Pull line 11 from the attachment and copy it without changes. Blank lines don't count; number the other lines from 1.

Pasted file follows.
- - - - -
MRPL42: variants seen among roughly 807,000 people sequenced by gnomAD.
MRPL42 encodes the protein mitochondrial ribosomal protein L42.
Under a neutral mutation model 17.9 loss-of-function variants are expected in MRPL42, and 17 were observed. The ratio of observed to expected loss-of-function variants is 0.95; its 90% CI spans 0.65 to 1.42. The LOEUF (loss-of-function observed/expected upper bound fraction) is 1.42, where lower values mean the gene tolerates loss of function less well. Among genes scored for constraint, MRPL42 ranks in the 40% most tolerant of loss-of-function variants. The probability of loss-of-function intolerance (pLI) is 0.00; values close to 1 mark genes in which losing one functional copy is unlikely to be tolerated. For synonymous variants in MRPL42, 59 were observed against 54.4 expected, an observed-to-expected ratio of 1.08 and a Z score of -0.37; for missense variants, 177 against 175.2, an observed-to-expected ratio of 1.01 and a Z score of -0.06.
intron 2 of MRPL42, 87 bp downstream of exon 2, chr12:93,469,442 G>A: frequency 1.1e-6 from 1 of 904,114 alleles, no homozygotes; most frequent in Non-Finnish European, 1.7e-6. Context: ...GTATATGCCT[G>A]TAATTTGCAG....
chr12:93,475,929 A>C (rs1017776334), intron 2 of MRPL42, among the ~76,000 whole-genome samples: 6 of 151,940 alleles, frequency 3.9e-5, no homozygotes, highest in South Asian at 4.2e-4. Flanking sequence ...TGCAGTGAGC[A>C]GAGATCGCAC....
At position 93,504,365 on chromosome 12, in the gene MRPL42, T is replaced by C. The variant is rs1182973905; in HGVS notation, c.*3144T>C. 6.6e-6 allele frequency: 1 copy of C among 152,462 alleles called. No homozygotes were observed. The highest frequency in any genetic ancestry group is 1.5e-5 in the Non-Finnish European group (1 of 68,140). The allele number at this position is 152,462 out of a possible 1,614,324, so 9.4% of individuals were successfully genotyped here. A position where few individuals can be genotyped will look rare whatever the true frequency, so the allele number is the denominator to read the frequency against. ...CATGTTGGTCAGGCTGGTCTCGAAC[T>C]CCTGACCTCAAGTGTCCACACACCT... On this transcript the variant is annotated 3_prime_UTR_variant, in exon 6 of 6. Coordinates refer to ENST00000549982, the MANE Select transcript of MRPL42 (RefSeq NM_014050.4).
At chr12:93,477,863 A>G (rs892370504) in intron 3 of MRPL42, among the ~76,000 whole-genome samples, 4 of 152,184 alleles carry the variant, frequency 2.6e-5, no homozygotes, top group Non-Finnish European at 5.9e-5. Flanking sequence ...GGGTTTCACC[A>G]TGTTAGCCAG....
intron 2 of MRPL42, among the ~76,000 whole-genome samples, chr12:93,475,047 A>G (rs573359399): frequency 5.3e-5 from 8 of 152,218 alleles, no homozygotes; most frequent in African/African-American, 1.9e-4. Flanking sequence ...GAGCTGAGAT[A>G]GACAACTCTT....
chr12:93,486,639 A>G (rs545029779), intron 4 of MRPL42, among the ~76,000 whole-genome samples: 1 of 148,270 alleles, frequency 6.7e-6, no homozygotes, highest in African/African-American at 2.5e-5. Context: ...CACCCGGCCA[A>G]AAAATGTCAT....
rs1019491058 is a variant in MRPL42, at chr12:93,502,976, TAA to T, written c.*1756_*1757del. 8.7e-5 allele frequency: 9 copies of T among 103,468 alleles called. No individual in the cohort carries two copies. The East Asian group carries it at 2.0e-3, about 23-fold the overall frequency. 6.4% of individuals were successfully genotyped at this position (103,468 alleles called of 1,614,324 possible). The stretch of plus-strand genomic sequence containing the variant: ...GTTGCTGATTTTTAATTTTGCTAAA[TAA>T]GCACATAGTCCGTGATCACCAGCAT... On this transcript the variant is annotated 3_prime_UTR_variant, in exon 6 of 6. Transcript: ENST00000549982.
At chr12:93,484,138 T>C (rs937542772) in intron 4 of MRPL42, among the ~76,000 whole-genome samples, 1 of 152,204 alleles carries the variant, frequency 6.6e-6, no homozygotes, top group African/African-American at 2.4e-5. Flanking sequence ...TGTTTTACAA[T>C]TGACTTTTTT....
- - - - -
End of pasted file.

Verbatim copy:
At chr12:93,484,138 T>C (rs937542772) in intron 4 of MRPL42, among the ~76,000 whole-genome samples, 1 of 152,204 alleles carries the variant, frequency 6.6e-6, no homozygotes, top group African/African-American at 2.4e-5. Flanking sequence ...TGTTTTACAA[T>C]TGACTTTTTT....